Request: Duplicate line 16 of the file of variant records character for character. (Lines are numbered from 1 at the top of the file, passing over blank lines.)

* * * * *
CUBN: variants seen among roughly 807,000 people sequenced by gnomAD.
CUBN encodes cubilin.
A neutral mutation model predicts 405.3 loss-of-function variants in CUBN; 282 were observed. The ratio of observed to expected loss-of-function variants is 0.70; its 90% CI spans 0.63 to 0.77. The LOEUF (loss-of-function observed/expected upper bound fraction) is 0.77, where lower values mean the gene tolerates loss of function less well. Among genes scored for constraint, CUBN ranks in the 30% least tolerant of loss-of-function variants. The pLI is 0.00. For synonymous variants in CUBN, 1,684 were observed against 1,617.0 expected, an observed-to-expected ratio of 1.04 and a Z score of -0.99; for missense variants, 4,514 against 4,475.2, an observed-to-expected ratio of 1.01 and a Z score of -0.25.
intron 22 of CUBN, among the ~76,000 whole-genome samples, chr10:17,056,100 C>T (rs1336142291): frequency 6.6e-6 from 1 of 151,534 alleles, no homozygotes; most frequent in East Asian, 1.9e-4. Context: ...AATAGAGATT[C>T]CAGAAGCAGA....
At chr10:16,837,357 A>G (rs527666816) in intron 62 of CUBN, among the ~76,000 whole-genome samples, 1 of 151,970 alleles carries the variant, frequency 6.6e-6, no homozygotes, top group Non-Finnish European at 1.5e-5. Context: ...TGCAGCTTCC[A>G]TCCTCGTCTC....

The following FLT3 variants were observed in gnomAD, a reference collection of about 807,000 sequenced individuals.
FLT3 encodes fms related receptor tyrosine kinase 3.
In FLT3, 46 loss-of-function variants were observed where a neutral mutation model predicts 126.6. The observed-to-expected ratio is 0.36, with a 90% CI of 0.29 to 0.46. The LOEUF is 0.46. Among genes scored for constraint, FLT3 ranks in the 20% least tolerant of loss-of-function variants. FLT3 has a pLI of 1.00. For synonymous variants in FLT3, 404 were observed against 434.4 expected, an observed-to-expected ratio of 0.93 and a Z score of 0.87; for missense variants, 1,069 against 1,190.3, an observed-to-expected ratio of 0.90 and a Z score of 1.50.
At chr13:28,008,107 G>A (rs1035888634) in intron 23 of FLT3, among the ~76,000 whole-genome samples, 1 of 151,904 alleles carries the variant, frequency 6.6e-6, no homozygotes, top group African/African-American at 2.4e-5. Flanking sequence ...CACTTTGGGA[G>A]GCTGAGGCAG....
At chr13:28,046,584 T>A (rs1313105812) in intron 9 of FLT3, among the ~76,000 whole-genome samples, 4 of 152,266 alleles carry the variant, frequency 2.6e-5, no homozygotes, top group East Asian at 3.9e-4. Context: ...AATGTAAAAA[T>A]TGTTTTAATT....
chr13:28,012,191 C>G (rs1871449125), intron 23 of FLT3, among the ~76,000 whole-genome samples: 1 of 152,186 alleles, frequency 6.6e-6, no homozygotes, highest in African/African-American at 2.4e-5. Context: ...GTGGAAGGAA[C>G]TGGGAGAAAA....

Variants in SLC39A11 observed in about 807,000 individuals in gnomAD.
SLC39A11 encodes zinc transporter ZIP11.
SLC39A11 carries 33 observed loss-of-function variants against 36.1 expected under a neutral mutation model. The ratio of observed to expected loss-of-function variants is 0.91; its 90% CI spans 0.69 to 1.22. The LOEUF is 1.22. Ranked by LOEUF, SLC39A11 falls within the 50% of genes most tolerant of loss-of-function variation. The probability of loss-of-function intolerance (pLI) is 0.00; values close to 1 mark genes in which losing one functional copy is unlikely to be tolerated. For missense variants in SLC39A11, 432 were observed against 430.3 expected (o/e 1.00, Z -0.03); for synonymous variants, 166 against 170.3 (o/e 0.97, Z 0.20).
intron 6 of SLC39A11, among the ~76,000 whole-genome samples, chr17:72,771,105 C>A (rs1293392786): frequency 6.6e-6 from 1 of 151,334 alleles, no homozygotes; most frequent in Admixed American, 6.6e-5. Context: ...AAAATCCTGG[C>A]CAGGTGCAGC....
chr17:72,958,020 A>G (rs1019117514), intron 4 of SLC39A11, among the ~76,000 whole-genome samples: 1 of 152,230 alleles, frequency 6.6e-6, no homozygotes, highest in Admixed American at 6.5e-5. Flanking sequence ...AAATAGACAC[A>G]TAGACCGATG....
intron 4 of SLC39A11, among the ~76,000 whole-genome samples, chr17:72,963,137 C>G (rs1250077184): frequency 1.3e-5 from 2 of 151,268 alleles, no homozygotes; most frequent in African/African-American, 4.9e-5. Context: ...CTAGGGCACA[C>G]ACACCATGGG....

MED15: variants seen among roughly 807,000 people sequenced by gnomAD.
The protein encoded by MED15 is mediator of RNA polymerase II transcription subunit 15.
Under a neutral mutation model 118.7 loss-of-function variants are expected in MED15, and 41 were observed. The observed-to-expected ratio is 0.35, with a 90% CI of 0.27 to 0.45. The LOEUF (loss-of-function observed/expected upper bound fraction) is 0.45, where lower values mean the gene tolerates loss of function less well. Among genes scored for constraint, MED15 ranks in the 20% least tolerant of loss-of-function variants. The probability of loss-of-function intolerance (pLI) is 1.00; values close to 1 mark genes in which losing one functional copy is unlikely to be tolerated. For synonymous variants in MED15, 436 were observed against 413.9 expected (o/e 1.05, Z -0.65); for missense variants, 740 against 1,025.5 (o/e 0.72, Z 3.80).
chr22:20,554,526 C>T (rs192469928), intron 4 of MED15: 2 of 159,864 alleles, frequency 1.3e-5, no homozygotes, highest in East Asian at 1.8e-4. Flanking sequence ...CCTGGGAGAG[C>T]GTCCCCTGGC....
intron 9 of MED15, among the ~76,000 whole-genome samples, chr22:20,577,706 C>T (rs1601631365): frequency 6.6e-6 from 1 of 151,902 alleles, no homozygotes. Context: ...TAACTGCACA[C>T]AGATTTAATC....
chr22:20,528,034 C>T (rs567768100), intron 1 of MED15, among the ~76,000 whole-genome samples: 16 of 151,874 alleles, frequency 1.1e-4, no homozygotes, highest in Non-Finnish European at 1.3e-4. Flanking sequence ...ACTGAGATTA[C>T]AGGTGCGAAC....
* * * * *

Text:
chr17:72,958,020 A>G (rs1019117514), intron 4 of SLC39A11, among the ~76,000 whole-genome samples: 1 of 152,230 alleles, frequency 6.6e-6, no homozygotes, highest in Admixed American at 6.5e-5. Flanking sequence ...AAATAGACAC[A>G]TAGACCGATG....